Rare spitters

apples_of_new_york_illustrations.jpgOver at Reuters there's an interesting article on a nationwide shortage of bittersweet, bittersharp, and sharp apples that have traditionally been used to make complex hard ciders. These so-called "spitter" apples are in demand because of the cider boom -- but there's a tiny supply because the apple varieties (many are heirlooms) fell out of favor over the last century or so:

One reason for the apple shortage is historical. During Prohibition in the 1920s, trees known to bear hard cider apples became targets of axe-wielding FBI agents.
Popular bittersharp varieties include Kingston Black, Foxwhelp and Golden Russet. These are not dessert or eating apples such as Granny Smith.
Planting new orchards is a big commitment. An apple tree is a 25- to 30-year investment and it takes anywhere from three to six years before it becomes productive.
Greg Peck, assistant professor of horticulture at Virginia Tech University, said there are no figures for how many so-called spitters - apples too tart or bitter to eat fresh but perfect for cider making - are available currently.
In 2012, the total U.S. crop of apples was 216 million bushels, of which 1.7 million were used to make cider. Of that, Peck estimated, "only a handful" of those were bittersweet, bittersharp or sharp varieties.

While the article doesn't mention New York specifically, it indirectly points to another possible Empire State advantage for cider: orchards around here do seem to grow some unusual varieties. (We've picked Golden Russets at Samascott in Kinderhook.)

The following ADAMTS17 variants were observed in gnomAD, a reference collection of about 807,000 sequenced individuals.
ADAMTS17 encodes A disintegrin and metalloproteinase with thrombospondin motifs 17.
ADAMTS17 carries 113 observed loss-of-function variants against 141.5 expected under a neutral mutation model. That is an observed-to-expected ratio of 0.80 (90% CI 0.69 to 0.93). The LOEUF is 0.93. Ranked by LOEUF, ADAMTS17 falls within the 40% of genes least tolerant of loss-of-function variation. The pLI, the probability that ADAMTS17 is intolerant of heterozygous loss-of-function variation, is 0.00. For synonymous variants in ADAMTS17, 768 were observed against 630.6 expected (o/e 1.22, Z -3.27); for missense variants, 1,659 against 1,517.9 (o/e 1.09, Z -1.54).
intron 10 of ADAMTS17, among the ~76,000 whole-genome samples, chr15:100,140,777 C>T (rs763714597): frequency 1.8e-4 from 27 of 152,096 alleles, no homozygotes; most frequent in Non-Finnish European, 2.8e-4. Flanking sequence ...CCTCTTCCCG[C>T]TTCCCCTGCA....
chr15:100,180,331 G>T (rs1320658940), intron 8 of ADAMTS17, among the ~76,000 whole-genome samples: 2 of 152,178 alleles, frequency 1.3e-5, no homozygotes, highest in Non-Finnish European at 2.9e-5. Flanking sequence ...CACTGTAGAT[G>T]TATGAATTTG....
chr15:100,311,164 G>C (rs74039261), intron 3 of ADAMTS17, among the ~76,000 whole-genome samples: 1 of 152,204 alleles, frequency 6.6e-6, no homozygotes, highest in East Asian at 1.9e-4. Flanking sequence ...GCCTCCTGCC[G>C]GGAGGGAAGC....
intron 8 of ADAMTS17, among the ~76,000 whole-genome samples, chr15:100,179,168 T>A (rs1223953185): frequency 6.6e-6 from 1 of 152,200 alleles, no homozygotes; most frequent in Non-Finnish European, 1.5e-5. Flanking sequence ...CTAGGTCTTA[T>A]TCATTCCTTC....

Earlier on AOA:
+ Lost and found apples
+ More fizz for the cider business in New York

Illustration from The Apples of New York State of New York Department of Agriculture (1903)

Comments

Heh. The guy's name is Peck. That's too perfect.

I live on a former commercial orchard, founded in the 1730's. We have heirloom varieties perfect for cider (and lots of seckel pears, also great for cider!), but I need someone to come pick them, as I just don't have the time. HEY CIDER MAKERS!! You hear that? I've got Ben Davis and others just waiting for you, come 'n get 'em! If you can pick them, they are yours. I've even got a 1800's press and grinder that you can use.

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